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China
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Zhan Rui
Boers-Li Gallery
1-706 Hou Jie, 798 Art District, No.2 Yuan, Jiuxianqiao Lu, 100015 Beijing, China
May 19, 2011 - June 19, 2011


Data as Art
by Edward Sanderson


A few weeks ago I reviewed Breaking Away, Boers-Li Gallery’s abstraction group show here on ArtSlant. I then travelled a few blocks west within 798 Art District to Space Station to cover XYZ, the solo show by one the participants, Xie Molin (below). This time I’m returning to Boers-Li, where another participant, Zhan Rui, has his own solo show in their smaller galleries upstairs. Suffice it to say, in Beijing at least, abstraction appears to be popular right now.

Zhan Rui’s work represents the type of abstraction that uses the painted image as a means to present data in a pseudo-scientific manner, using interpretations of the raw information as a means of populating the canvas with form. These paintings show the results of a systematic analysis of aspects of the real world, using a set of painterly systems chosen by the artist to reflect them.

There are essentially two forms of painting on view here. In one case, a series of six small canvases painted with thin horizontal striations in red or green represent the up- or downticks of specific stocks over a certain period of time. The other paintings in the show work within a 9x9 grid, each cell filled in various ways to represent either the weather or the sex lives of the subjects over an eighty-one-day period.

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Without the extra clue given by each of their titles—pointing out their respective connections to 'The Stock Exchange, Weather and Sex'—the pictures tell us little and remain colourful arrangements. Even with those clues however, the connections are not made clear, a key to the forms is not given, and we are left to our own imaginations with only a vague understanding of the connections between forms and the events that apparently informed them.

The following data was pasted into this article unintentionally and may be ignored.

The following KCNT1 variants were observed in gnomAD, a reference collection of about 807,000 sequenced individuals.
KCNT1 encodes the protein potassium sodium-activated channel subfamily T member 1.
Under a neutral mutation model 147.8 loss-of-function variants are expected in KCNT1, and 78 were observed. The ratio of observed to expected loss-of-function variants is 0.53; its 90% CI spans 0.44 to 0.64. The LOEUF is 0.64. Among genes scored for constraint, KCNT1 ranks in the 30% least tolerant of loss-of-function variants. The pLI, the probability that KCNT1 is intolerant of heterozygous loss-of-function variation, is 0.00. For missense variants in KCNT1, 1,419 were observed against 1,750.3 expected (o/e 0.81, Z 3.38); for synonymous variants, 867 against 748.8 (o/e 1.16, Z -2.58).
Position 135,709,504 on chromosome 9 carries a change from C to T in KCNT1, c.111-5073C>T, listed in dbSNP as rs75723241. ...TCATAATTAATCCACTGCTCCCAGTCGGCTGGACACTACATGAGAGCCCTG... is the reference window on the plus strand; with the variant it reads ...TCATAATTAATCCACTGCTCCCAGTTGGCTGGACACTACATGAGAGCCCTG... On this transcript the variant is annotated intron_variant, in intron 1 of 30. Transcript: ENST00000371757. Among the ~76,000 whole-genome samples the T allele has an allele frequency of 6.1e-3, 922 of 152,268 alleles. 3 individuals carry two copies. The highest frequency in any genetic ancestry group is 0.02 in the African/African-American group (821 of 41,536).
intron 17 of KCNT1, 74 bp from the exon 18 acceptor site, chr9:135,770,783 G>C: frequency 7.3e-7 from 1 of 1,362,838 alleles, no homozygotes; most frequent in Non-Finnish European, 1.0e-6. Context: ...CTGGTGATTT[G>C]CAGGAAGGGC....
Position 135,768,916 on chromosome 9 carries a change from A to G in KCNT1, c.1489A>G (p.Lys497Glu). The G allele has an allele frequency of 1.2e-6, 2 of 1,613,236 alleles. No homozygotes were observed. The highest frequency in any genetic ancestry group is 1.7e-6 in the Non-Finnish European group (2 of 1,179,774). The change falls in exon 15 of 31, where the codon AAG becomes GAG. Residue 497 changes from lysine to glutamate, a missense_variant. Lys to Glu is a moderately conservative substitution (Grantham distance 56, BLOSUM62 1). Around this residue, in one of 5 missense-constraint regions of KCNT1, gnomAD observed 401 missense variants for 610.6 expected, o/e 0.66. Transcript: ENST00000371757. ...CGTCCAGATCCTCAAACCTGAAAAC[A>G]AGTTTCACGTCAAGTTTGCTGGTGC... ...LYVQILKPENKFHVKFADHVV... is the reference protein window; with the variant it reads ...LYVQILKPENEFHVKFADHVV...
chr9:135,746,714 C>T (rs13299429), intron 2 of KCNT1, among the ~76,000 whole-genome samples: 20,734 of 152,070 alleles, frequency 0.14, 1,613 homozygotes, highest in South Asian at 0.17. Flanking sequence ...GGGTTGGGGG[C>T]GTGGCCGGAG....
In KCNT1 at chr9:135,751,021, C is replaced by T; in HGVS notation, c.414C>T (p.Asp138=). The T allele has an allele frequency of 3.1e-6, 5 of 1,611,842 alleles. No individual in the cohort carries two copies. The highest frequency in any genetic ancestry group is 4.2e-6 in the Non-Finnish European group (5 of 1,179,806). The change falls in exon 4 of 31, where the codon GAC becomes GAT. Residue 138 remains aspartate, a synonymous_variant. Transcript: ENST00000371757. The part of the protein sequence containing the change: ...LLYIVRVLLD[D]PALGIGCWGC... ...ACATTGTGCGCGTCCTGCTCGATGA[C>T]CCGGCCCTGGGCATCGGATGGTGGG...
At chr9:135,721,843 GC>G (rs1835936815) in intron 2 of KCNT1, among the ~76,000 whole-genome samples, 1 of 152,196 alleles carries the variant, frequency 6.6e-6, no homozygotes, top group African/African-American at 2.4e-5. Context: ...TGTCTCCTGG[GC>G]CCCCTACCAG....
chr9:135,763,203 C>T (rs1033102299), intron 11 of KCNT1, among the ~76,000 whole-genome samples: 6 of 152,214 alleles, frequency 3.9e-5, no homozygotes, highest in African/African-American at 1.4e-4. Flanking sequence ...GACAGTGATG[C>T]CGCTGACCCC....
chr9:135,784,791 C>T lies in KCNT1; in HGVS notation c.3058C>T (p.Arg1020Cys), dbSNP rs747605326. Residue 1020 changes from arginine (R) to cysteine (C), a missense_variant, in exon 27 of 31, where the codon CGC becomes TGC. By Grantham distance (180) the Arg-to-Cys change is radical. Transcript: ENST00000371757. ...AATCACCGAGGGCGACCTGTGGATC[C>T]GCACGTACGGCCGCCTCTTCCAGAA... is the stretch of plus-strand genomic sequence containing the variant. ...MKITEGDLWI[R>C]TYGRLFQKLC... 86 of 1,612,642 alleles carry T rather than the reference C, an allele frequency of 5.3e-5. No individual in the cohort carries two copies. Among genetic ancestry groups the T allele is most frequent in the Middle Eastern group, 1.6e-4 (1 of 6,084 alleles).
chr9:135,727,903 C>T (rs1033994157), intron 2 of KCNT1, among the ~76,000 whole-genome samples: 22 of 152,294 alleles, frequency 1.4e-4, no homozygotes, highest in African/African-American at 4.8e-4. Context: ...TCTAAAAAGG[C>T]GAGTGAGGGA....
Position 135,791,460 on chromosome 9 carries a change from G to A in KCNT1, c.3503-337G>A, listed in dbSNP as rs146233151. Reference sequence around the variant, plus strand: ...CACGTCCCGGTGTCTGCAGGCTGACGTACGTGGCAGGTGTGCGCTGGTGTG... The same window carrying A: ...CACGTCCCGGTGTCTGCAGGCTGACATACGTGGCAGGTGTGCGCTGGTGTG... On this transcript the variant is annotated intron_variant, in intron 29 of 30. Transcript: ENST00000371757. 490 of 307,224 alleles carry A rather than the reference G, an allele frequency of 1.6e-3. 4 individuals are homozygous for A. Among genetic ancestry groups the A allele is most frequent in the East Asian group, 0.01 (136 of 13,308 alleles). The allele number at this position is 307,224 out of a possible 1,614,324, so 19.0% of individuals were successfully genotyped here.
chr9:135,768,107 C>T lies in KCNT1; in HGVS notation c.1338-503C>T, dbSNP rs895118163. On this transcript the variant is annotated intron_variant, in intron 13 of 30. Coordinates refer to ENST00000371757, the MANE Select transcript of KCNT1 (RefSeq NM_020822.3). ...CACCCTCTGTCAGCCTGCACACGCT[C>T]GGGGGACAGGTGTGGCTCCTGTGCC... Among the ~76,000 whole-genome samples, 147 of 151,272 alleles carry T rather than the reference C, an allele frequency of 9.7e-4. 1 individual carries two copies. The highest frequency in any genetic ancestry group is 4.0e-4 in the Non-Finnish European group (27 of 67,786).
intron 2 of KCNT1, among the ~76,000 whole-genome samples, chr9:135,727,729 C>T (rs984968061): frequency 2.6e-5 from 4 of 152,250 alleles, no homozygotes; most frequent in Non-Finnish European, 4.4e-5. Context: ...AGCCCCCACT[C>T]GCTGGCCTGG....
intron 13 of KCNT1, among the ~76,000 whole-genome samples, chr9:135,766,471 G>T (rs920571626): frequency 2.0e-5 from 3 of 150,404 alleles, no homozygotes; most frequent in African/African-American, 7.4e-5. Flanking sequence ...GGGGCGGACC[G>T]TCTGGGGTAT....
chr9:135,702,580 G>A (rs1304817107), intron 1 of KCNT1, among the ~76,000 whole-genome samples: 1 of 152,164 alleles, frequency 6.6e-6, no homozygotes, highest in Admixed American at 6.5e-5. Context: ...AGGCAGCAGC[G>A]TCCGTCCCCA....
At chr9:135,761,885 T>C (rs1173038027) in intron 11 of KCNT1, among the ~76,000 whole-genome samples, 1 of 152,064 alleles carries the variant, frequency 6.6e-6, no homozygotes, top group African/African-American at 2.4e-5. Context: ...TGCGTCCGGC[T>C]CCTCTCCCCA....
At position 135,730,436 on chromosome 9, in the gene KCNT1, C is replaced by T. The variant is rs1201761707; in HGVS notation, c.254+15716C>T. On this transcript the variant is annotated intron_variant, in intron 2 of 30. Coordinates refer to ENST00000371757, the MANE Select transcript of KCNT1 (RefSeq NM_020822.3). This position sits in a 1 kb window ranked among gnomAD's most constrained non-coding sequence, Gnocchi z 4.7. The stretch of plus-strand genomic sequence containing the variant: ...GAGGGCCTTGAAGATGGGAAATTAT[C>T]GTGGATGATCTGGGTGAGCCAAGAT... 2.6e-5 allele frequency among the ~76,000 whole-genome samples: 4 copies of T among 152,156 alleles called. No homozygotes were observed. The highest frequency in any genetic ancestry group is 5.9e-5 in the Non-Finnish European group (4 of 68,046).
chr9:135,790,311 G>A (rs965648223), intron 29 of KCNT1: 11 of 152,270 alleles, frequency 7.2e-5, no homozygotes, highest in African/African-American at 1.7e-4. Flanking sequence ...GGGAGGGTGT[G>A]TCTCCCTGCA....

The way the data is re-presented seems ultimately arbitrary, and as abstract as the data itself that is extracted from the world then formed into these charts. Unlike Xie Molin’s paintings that present the remains of the direct action of his machine on the paint and surface of the canvas, Zhan Rui’s works sit at another remove. They straddle an uncomfortable gap between a scientific representation of data and an artistic interpretation of the same – not so far from reality, but far enough to be alienated from it. They are an abstraction of an abstraction.

My own efforts to make sense of the data, as presented by these paintings, simply led me to understand that this search is a fool’s errand. And if I could accurately interpret the data – what then? The pieces titled Time for sex and love perhaps afford some mild titillation, but ultimately without a firm index back to the real world, what can really be learned?

I felt that all the pieces demonstrated this disconnection – an alienation from our activities that leaves space open for fantasy but ultimately prevents meaning from cohering. These paintings are literal stereotypes, in their partial and arbitrary representations of selective data.

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Which left me with a sense of the hopelessness behind our attempts to understand phenomena or people. This is perhaps a point of the work – they demonstrate a hint of insight, a gesture towards completeness, to understanding, but ultimately are simply poised above the mass of data in the world, sampling what amounts to a drop in the ocean.

Which left me with a sense of the hopelessness behind our attempts to understand phenomena or people. This is perhaps a point of the work – they demonstrate a hint of insight, a gesture towards completeness, to understanding, but ultimately are simply poised above the mass of data in the world, sampling what amounts to a drop in the ocean.

Do these pictures have the potential to enlighten us? It’s unclear whether this is even an aim of the artist. The artists’ choices are as arbitrary as our own choices, the information as selective as our own attention to the world. We focus on some 'high value', 'highly significant' data that we think makes sense of everything, but really all we know are our own tiny samples from which we extrapolate into cliché and stereotype.

-- Edward Sanderson

(All images courtesy of Boers-Li Gallery and the artist.)



Posted by Edward Sanderson on 5/30/11 | tags: data painting abstract

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